Land of the undead

Bite me: bloodsuckers menace what's left of the human race in Stake Land

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When a baby gets eaten within five minutes of a film's start, you know it is not to be fucked with

VAMPIRE APOCALYPSE There are no sparkly torsos in Jim Mickle's Stake Land, a movie that depicts a vampire snacking on a human infant within its first five minutes. After that bold declaration that this is not a film to be fucked with, Stake Land shifts its focus to a ragtag pair of travelers who've taken to rural America's back roads, trying to annihilate as many vamps as possible: teenage Martin (Gossip Girl's Connor Paolo), and his gruff mentor, Mister (Nick Damici, who co-wrote the script with Mickle).

As books, films, and comics have taught us, whenever a big chunk of the human race is wiped out (thanks to zombies, an unknown cataclysm, etc.), the remaining population will either be good (heroic, like Mister and Martin, or helpless, like the stragglers they rescue, played by Kelly McGillis and Danielle Harris, among others), or evil — cannibals, rapists, religious nuts, militant survivalists, etc. Stake Land doesn't throw many curveballs into its end-times narrative, but it's beautifully shot and doesn't hold back on the brutality. The film opens at the Roxie on the heels of its local debut at the San Francisco International Film Festival. I recently chatted with up-and-comer Mickle about horror, the Internet, and ... well, what else is there, really?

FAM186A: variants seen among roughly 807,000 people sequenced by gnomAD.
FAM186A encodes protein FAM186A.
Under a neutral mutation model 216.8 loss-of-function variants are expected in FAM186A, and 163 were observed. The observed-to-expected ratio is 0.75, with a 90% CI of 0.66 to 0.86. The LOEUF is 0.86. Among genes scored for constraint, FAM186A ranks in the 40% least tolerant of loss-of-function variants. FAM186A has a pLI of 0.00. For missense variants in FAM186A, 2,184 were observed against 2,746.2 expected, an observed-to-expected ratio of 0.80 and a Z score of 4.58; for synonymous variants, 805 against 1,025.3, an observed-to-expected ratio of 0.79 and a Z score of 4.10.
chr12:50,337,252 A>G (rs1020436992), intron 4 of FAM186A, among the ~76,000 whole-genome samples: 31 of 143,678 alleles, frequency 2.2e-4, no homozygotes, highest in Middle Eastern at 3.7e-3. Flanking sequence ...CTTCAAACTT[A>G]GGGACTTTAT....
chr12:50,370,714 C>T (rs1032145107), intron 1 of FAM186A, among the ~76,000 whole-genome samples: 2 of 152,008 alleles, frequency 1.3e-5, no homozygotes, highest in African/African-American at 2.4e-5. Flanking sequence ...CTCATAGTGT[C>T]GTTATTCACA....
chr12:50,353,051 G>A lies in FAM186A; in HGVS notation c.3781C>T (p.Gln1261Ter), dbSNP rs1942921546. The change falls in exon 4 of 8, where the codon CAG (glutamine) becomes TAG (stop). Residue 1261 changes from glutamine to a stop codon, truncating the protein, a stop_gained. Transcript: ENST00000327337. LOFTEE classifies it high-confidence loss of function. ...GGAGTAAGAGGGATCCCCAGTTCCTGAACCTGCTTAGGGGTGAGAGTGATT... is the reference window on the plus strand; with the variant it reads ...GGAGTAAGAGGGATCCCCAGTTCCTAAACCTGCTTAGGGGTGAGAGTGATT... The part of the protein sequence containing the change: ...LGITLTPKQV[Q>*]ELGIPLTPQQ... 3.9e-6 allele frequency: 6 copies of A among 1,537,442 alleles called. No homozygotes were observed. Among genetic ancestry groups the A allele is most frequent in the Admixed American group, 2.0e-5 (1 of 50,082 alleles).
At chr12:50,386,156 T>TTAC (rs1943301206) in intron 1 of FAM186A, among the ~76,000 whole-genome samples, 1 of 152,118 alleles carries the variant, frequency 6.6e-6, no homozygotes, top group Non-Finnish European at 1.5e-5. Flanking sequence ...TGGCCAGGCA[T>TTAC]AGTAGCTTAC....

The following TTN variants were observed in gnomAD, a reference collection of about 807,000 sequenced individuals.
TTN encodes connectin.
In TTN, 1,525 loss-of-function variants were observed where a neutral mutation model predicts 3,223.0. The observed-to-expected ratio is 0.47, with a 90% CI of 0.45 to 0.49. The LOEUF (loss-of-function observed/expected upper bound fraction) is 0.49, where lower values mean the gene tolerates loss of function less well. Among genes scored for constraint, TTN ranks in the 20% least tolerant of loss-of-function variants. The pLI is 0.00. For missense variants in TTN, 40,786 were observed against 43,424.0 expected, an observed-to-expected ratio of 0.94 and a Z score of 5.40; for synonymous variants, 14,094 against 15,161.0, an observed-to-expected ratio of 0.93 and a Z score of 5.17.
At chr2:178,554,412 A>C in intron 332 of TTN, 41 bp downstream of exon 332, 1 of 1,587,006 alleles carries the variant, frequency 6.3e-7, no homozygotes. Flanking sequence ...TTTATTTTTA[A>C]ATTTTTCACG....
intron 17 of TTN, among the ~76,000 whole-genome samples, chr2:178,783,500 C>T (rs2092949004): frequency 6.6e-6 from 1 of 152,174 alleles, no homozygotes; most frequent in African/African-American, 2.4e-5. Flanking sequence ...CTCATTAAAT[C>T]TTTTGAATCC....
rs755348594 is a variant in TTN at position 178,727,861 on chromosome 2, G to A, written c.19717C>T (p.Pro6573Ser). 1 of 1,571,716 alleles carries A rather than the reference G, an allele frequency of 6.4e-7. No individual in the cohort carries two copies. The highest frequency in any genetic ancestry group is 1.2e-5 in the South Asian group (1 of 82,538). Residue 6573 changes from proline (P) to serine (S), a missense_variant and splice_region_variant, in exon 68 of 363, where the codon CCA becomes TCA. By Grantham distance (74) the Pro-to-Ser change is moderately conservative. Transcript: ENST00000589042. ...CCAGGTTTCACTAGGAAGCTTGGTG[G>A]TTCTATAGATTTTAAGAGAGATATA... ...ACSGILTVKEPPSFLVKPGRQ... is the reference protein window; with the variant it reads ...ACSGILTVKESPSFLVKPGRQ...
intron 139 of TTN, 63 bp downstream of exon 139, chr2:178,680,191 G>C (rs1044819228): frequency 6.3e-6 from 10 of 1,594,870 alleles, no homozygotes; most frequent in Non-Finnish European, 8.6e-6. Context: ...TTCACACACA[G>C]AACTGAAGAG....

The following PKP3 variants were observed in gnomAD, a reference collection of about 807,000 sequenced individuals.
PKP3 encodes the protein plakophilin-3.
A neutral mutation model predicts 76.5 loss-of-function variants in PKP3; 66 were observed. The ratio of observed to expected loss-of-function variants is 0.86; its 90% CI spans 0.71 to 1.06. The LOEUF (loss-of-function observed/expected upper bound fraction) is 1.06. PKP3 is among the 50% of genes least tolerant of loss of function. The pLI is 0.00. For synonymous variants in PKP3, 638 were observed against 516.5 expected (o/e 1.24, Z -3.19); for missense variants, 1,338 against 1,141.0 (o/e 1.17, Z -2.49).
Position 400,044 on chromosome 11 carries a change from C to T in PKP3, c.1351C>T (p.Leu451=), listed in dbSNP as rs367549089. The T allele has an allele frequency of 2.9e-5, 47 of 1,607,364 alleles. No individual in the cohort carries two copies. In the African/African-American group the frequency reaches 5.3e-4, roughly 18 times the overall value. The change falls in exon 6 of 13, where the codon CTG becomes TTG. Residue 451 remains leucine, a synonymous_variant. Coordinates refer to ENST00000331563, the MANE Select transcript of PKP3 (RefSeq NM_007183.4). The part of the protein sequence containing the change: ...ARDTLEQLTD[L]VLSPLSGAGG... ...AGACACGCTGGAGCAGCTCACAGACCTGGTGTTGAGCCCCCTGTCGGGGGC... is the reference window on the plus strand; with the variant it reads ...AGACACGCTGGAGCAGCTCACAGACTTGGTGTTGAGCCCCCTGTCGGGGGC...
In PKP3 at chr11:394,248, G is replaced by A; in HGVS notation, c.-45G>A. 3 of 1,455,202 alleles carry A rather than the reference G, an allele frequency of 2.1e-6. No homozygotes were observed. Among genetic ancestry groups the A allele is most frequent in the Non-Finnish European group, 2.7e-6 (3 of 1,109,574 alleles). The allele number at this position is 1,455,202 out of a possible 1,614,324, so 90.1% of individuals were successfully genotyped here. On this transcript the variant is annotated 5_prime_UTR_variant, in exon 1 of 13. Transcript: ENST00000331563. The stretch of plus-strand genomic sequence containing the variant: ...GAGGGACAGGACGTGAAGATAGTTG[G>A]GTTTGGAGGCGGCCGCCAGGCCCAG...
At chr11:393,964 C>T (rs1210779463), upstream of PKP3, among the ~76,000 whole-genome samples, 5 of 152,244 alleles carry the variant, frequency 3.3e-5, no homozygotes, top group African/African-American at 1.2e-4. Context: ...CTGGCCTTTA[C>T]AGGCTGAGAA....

SFBG Stake Land feels very much like a zombie apocalypse film, except for the choice of monster. Why vampires?

Jim Mickle [Co-writer Damici and I] had just done zombies — we had rat zombies in [2006's] Mulberry Street — but I think we both felt we didn't get to do everything that we wanted to do there. Yet, also, we didn't want to do the Romero thing and just do one zombie movie after another. I think we were looking for another monster, and we both liked vampires. They're human-based, so I think you can treat them like characters and not just monsters, and be able to have them stand in for a lot of different things socially — but also have a lot of fun with them.

SFBG A lot of vampire stories depict the vampires as living secretly among the human race, but in Stake Land, they've basically taken over.

JM Originally, we [planned the film as a Web series], and that was how it started. The first 10 pages were always the same, and from there it went to different webisodes, where, for example [the characters] stopped off in New York City and had to fight a hopping vampire in Chinatown. It was all about, "When are people gonna wake up and realize they are surrounded by vampires?" But we were gonna do it very low-budget, and the question was always, like, "Holy shit. How are we gonna pull this off?" When the idea became to make a feature out of it and to sort of merge all these stories together, it just felt like that — a bunch of stories strung together and very chapterized. We wanted to hang onto that, but also give it a backbone and an overriding theme.

SFBG Do you have plans to follow through on the Web series?

JM We did try to keep it going — we have these prequels that have come out [on the iTunes Movie Trailers page at trailers.apple.com]. There are seven total — each character has their own short film, basically, sort of right before we meet them in the movie. We wanted to keep the idea of the serial going. We liked the idea that there are these new ways to release movies, and the online presence really matters for movies now. I still have yet to see a really successful Web series, so we tried to find a way to do that and mix that in [with the prequels]. But we still have all those scripts, you know, and when people talk about sequels and stuff — we still have that material there, and it'll be interesting to see where it goes.

STAKE LAND opens Fri/29 at the Roxie.

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